President Beck, liberal learning to be celebrated this inauguration weekend

Emily Passey

On May 7, Lawrence will inaugurate its 15th president, Jill Beck. The events surrounding the installation ceremony are numerous, but the focus of weekend is not Beck’s inauguration. The theme of the weekend, “A Celebration of the Arts and Liberal Learning,” truly says it all. This is an idea of which President Beck is a great supporter, having founded ArtsBridge, an outreach program designed to offer hands-on arts experience for elementary through high school students.
The kick-off is at 5:30 on May 5th. The Cellular Automata – those elaborate sculptures adorning Science Hall atrium – will be dedicated by the artist, Rob Smart, ’96. Attendees at this invitation-only event will include faculty, trustees, visiting alums, and distinguished guests from other liberal arts universities across the country.
The big event is the open house, Friday, May 6, from 10-4 p.m., taking place all over campus. The day includes presentations from nearly all departments and various events showcasing many fine Lawrence attributes. Here are a few highlights:
Beginning in the morning, visitors will find an information desk with schedules and maps in the Main Hall lobby. At four intervals throughout the day, the first at 10:30, campus tours will depart from the south steps of Main Hall.
There are also several open houses interspersed throughout the day. Each of these will also have a few staff members on hand to direct people and answer questions. The Career Center and the Center for Teaching and Learning will be open at various times during the day. Visitors can check out students’ volunteer work in the Union all day, or experience the technology in Main Hall at the Humanities Computer Lab until 2. There will be a special presentation at 11:15 followed by a drop-in open discussion – until about 1:15 – all about Freshman Studies, given by the head of the program, Professor Dirck Vorenkamp.
Three panel presentations are scheduled in succession, beginning at 12:45 p.m. and continuing until 4:30. Each presentation will be an hour long, with small breaks in between, and take place in Youngchild 121. The first will cover the ArtsBridge program, with scholars, sponsoring teachers, and faculty mentors discussing the diversity and growth of the new program. The second will consist of Lawrence alumni who have gone on to have eclectic lives and careers and who attribute much of that to their Lawrence experience. Finally, faculty, students, and representatives will discuss collaborative projects between Lawrence and the Fox Cities.
The students and faculty of every department will be showing off work, leading discussions, or answering questions, and many will be there all day. The social sciences department is focusing on displaying student projects, conducting people through the anthropology department, and the psychoacoustics and child development labs, and telling visitors about the Freeman Trip to Asia. The labs are open from 11 a.m. until 12:15, and all other events are open house.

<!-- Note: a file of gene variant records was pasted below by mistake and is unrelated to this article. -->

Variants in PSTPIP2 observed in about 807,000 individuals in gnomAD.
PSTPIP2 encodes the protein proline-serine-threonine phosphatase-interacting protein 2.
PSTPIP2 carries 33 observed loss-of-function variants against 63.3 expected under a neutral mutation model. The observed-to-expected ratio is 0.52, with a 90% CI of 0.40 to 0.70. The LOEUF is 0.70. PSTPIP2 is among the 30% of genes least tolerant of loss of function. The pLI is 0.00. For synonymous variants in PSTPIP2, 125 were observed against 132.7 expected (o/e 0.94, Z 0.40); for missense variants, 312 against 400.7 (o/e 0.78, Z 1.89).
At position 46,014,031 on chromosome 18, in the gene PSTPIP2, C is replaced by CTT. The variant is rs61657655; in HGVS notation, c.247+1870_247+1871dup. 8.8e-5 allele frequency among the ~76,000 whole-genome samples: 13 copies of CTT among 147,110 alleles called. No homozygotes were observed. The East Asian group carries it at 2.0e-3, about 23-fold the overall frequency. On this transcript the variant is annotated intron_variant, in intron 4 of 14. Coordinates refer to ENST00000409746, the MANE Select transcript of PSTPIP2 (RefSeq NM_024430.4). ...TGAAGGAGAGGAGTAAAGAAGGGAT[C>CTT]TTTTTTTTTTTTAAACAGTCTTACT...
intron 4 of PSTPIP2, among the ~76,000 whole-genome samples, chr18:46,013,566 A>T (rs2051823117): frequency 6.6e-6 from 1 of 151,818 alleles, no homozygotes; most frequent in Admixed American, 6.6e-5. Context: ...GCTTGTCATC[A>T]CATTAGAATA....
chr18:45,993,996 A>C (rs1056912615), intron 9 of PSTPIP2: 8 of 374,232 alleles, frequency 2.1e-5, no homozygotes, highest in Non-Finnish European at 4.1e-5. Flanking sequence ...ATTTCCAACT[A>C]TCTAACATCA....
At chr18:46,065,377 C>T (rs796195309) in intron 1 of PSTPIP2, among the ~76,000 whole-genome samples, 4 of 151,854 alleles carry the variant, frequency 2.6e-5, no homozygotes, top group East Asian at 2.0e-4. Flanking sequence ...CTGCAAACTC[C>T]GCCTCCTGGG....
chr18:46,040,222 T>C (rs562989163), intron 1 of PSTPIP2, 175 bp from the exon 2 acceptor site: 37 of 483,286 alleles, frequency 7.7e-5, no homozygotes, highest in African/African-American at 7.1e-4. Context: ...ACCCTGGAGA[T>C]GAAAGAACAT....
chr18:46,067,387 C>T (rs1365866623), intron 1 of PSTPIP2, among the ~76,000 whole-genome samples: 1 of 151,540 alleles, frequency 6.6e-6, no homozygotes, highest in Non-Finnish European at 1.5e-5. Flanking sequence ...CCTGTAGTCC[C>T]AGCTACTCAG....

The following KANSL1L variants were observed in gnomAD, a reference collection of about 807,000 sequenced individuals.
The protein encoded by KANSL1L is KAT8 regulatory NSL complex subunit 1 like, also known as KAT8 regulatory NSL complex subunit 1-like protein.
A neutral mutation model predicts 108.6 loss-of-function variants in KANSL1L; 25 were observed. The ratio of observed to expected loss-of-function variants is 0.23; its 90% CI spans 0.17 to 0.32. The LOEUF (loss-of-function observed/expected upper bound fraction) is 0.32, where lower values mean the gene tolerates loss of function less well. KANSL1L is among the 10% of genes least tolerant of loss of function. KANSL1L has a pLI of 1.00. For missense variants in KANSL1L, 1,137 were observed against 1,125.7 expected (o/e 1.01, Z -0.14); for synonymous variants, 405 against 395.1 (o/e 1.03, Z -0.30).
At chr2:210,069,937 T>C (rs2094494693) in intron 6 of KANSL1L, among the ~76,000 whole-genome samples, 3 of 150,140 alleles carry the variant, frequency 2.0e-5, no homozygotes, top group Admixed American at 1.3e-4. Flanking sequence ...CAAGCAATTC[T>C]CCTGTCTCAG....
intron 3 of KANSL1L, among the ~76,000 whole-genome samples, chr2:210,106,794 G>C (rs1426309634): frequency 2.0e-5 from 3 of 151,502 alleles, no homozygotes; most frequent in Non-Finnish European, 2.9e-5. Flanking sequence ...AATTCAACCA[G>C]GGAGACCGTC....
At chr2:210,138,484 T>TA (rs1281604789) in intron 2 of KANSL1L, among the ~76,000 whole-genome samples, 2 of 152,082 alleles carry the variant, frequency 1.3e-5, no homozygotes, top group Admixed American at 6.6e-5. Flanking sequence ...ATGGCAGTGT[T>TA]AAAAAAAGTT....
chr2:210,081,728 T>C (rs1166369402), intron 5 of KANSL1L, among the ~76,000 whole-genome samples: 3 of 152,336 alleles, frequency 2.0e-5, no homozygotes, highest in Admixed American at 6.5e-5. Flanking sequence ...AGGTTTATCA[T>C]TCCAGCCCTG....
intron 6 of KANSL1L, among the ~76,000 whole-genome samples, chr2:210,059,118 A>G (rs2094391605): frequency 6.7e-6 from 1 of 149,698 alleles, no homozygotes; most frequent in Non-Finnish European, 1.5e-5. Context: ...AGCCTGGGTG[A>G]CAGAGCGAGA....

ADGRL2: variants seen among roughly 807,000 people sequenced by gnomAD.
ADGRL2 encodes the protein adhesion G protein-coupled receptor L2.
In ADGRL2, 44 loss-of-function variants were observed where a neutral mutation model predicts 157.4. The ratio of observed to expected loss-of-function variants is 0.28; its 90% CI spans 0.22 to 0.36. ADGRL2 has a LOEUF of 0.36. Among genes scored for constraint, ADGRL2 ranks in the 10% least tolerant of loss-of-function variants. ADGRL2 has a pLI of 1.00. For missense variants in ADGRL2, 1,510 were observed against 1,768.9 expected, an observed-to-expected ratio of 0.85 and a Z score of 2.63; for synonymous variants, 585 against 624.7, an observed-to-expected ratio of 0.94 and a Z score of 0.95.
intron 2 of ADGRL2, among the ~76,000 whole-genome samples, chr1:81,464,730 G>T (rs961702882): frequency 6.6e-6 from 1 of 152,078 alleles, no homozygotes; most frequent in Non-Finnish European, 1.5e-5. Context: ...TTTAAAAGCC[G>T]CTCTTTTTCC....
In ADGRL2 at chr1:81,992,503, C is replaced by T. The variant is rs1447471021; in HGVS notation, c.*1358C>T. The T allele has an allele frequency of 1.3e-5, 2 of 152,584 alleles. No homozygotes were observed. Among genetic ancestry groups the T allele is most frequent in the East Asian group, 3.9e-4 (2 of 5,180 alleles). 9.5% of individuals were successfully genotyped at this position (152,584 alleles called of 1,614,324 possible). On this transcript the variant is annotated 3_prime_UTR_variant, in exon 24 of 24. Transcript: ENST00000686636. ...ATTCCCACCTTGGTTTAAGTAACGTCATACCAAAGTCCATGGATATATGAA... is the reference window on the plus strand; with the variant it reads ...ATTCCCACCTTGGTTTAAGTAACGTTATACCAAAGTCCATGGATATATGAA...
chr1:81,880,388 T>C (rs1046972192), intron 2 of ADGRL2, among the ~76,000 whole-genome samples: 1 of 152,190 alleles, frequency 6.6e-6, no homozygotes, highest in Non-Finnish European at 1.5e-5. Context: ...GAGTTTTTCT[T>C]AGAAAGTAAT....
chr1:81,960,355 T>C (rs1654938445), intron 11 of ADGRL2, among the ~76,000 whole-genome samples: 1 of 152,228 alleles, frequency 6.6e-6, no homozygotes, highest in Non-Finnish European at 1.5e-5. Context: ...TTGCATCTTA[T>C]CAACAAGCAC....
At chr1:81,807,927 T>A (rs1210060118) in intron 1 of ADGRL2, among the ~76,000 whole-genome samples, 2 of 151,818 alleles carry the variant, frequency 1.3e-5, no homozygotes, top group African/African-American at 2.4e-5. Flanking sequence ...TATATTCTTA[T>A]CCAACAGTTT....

The math and computer science departments will also be displaying student work and the department facilities, and Professor Eugenie Hunsicker will be around from 10-12 to explain the Knot Theory. They will also host a Mathematics Tea at 2:30, allowing visitors to talk with faculty and students and learn more about the department.
As for the humanities, there are mostly timed events such as lectures and readings throughout the day. Professor Daniel Taylor will be giving a lecture on “Classics at Lawrence: From Sampson to Beck” at 2 p.m. in Main Hall 105. The Spanish department will be giving dance demonstrations, presented by the members of VIVA, at 11-12, and will also offer readings of Chilean poet Pablo Neruda and presentations to celebrate the 400th anniversary of the writing of Don Quixote. The English department will also be doing poetry readings, but of student work, at 2 p.m. in Science Hall 202. Student poets include Aubree Bojko, Michael Morse, and Joshua Musikantow, three seniors from Professor Barrett’s “Advanced Poetry Writing” class. In addition, many of the other humanities departments will be giving presentations, hosting tea, and showing off student work.
In the physical sciences, the laboratories will be open for visitors to peruse starting mostly at 1 p.m., with the Saliva Lab, Microbiology Lab, and Geology Labs open at 10. Also, student posters will be on display and the students who participated in the geology trip to Scotland will be describing that experience at 11 a.m. in Youngchild 236.
The music, theatre arts and art departments will make appearances as well. In Wriston, two exhibits, entitled “Guys and Dolls” and “The Modern City,” will be open to the public all day. In the conservatory, the students from both the “Advanced Acting” class and the spring play “First Lady” will be acting out a few scenes, at 11:30 and 12:30. In Harper at 11:30, 1:30 and 2:30, two student trios will perform “The Klezmer’s Wedding” by Srul Irving Glick and “Come Down Heavy” by Evan Chambers. Besides these events, there are many more, all chosen by the faculty to truly exemplify Lawrence’s position as an amazingly diverse liberal arts university with much to offer.
Friday ends with a faculty concert in Memorial Chapel, followed by various inaugural dinners around campus for the exhausted guests and, of course, President Beck.
The inauguration will take place on Saturday morning, beginning with a procession of student leaders, trustees, faculty, and other distinguished guests. The Installation will begin at 10:30 and is a limited-space, ticketed event. The University is hoping that many people will attend and has arranged for a closed-circuit broadcast into Stansbury, and a live webcast for far-away alums and students home for break.

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